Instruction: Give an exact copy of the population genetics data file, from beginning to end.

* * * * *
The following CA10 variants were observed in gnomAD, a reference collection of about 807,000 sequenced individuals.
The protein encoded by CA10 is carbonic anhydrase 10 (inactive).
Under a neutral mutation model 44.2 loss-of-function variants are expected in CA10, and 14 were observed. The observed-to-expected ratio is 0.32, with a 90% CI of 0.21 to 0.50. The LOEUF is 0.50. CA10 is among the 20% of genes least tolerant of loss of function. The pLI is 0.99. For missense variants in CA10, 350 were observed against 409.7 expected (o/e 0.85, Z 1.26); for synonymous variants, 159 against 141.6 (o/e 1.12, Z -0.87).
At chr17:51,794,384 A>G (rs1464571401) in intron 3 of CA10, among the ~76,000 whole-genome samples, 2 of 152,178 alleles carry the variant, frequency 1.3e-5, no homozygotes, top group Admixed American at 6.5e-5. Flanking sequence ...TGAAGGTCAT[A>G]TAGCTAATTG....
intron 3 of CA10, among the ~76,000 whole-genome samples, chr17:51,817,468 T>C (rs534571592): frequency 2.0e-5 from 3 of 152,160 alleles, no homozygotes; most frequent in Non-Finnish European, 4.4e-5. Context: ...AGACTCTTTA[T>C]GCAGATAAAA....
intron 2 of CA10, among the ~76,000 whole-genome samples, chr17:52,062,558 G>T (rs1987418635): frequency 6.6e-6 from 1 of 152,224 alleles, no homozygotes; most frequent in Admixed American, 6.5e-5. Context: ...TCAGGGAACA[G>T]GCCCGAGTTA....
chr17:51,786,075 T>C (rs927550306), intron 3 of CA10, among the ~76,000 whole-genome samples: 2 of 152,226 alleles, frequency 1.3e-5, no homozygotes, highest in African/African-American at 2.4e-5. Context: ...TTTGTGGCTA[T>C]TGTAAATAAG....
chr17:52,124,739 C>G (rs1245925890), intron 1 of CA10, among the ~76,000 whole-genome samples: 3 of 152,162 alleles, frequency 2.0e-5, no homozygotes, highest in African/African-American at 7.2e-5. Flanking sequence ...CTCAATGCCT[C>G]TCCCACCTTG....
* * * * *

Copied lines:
The following CA10 variants were observed in gnomAD, a reference collection of about 807,000 sequenced individuals.
The protein encoded by CA10 is carbonic anhydrase 10 (inactive).
Under a neutral mutation model 44.2 loss-of-function variants are expected in CA10, and 14 were observed. The observed-to-expected ratio is 0.32, with a 90% CI of 0.21 to 0.50. The LOEUF is 0.50. CA10 is among the 20% of genes least tolerant of loss of function. The pLI is 0.99. For missense variants in CA10, 350 were observed against 409.7 expected (o/e 0.85, Z 1.26); for synonymous variants, 159 against 141.6 (o/e 1.12, Z -0.87).
At chr17:51,794,384 A>G (rs1464571401) in intron 3 of CA10, among the ~76,000 whole-genome samples, 2 of 152,178 alleles carry the variant, frequency 1.3e-5, no homozygotes, top group Admixed American at 6.5e-5. Flanking sequence ...TGAAGGTCAT[A>G]TAGCTAATTG....
intron 3 of CA10, among the ~76,000 whole-genome samples, chr17:51,817,468 T>C (rs534571592): frequency 2.0e-5 from 3 of 152,160 alleles, no homozygotes; most frequent in Non-Finnish European, 4.4e-5. Context: ...AGACTCTTTA[T>C]GCAGATAAAA....
intron 2 of CA10, among the ~76,000 whole-genome samples, chr17:52,062,558 G>T (rs1987418635): frequency 6.6e-6 from 1 of 152,224 alleles, no homozygotes; most frequent in Admixed American, 6.5e-5. Context: ...TCAGGGAACA[G>T]GCCCGAGTTA....
chr17:51,786,075 T>C (rs927550306), intron 3 of CA10, among the ~76,000 whole-genome samples: 2 of 152,226 alleles, frequency 1.3e-5, no homozygotes, highest in African/African-American at 2.4e-5. Context: ...TTTGTGGCTA[T>C]TGTAAATAAG....
chr17:52,124,739 C>G (rs1245925890), intron 1 of CA10, among the ~76,000 whole-genome samples: 3 of 152,162 alleles, frequency 2.0e-5, no homozygotes, highest in African/African-American at 7.2e-5. Flanking sequence ...CTCAATGCCT[C>G]TCCCACCTTG....